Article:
Sarsina

Go back in time and stop in Sarsina. With a little imagination, you will be able to sense the presence of the Latin playwright Titus Maccius Plautus, who was born here in about 250 BC. The main square is named after him and the Plautus Festival is dedicated to him. This festival has been held every summer since 1956 with internationally renowned guests in the marvellous setting of the Arena Plautina.
And it is Plautus who links the town of Sarsina to Dante, who decides to place him in Limbo (Purgatory, XXII 98). The Supreme Poet seems to owe a specific debt to the man from Sarsina: it is believed that the line “Abandon every hope, who enters here” (Inferno III 9), one of the best known in the Divine Comedy, is taken from the following line in Plautus’s Bacchides (Bacch. 368-70):
Pandite atque aperite propere ianuam hanc Orci, obsecro.
Nam equidem haud aliter esse duco, quippe quo nemo aduenit,
nisi quem spes reliquere omnes, esse ut frugi possiet.
[Open it, please, open it quickly, this door to hell.
To hell, yes, because no one enters here,
unless he has given up all hope of remaining honest.]

The finds from ancient Roman history here are renowned for their uniqueness and magnificence and are housed in the National Archaeological Museum, one of the most important in Italy. The alleys of the charming old town are also dotted with them, along with admirable examples of Romanesque architecture such as the Basilica Santuario di San Vicinio with its red brick façade. The blessing received through the imposition of the thaumaturgical “chain” of St Vicinius, kept inside, attracts tens of thousands of pilgrims every year. Finally, don’t miss the Camino di San Vicinio, a route winding for over 350 km along the Savio valley, and the Marmitte dei Giganti Park.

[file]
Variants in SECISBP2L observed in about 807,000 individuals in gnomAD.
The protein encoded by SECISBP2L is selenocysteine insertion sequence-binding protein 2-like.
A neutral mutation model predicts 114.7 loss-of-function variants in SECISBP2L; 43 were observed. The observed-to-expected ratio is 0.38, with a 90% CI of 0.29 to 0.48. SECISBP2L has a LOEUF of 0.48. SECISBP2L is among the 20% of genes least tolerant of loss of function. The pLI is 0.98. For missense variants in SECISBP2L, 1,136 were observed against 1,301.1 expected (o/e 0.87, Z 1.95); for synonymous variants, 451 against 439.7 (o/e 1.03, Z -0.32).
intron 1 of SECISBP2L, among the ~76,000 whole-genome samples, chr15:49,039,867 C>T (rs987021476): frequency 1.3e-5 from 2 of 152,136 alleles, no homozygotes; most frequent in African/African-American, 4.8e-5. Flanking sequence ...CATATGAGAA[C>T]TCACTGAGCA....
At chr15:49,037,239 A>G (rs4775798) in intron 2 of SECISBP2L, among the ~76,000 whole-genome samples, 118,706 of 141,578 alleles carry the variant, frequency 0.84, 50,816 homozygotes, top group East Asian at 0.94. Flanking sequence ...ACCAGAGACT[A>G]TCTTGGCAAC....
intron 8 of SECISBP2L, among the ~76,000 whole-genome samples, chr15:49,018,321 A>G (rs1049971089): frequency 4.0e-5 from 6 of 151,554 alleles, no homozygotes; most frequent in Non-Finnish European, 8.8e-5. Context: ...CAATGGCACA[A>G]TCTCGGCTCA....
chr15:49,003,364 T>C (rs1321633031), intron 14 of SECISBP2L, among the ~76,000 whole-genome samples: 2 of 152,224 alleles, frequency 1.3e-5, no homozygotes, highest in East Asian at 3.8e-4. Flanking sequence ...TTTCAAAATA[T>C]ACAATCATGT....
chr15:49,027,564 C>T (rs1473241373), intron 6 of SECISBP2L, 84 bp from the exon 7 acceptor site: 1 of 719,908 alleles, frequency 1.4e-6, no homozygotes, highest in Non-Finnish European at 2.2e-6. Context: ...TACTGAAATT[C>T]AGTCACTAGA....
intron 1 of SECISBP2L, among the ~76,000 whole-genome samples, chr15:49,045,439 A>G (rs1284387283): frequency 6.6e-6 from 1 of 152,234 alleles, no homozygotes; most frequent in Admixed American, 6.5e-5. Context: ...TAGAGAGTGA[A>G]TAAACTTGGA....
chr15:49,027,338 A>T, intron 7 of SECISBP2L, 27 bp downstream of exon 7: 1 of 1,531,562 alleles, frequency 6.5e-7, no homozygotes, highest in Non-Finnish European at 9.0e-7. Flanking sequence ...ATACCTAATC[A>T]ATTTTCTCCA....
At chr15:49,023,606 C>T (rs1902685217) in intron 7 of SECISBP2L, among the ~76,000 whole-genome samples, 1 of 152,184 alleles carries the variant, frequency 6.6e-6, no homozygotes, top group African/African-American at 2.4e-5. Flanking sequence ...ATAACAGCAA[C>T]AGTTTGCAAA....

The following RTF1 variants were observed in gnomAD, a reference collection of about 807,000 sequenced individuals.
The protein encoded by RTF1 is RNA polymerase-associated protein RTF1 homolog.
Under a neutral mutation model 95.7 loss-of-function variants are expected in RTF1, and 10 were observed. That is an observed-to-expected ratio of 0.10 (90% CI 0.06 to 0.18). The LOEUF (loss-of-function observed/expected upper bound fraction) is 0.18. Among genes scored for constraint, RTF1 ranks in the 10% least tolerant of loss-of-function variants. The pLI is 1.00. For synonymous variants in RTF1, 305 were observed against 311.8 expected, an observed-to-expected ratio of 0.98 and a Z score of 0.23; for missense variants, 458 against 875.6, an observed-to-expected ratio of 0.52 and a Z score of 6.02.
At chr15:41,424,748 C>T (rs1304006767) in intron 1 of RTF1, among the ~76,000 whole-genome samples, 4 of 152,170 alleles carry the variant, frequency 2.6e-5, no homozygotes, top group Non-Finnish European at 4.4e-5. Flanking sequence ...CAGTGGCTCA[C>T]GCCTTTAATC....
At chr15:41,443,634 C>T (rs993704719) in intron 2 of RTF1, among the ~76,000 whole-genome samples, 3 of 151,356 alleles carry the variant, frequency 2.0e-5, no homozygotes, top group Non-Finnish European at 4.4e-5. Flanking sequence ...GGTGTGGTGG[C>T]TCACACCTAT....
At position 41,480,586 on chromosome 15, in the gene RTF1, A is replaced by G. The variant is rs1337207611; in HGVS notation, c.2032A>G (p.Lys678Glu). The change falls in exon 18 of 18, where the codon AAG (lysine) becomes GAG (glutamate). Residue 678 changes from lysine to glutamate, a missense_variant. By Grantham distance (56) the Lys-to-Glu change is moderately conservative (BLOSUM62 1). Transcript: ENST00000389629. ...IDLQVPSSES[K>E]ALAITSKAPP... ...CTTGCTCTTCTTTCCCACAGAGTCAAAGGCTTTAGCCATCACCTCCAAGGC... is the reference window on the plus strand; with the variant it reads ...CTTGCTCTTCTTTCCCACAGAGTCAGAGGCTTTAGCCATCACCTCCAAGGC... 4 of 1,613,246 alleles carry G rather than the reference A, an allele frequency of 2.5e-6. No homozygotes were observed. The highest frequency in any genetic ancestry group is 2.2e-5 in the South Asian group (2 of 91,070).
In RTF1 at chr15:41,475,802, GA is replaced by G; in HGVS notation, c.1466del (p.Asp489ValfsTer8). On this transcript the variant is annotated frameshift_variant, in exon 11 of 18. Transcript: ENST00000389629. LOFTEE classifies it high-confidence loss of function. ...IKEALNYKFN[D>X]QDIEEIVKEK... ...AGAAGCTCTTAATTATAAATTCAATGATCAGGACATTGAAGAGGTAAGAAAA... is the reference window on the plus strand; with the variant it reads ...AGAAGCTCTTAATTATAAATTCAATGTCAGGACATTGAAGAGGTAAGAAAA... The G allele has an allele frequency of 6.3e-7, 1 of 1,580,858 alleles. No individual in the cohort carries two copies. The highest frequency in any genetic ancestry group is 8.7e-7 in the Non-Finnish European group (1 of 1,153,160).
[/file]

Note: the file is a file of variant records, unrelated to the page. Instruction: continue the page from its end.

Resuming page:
The Cammino di San Vicinio (St. Vicinius’ Way) is a circular route of over 350 km that passes through the sites of the hermitic life of the Saint of the same name, who lived in Sarsina between the 3rd and 4th centuries, and that runs mainly in Emilia Romagna with short stretches in the Tuscany and Marche region.
The route, which follows ancient mule tracks and paths, allows total immersion in nature and has no asphalt roads.
It starts from the Basilica di San Vicinio in Sarsina, where the Saint’s relics are kept; then on to Camaldoli, the Sanctuary of La Verna, Mount Fumaiolo, with the sources of the Tiber and the hermitage of Sant’Alberico; Sant’Agata Feltria, Sogliano sul Rubicone, with its fossa cheese; the village of Monteleone, where the poet Lord Byron stayed, Cesena and Mercato Saraceno, where you can stop at the Pieve di Santa Maria Annunziata in Monte Sorbo and on Mount San Vicinio.

The Plautus Festival in Sarsina is undoubtedly one of the longest-running and most important theatre festivals in Europe: it has its roots in 1956 and will reach its 61st edition in 2021.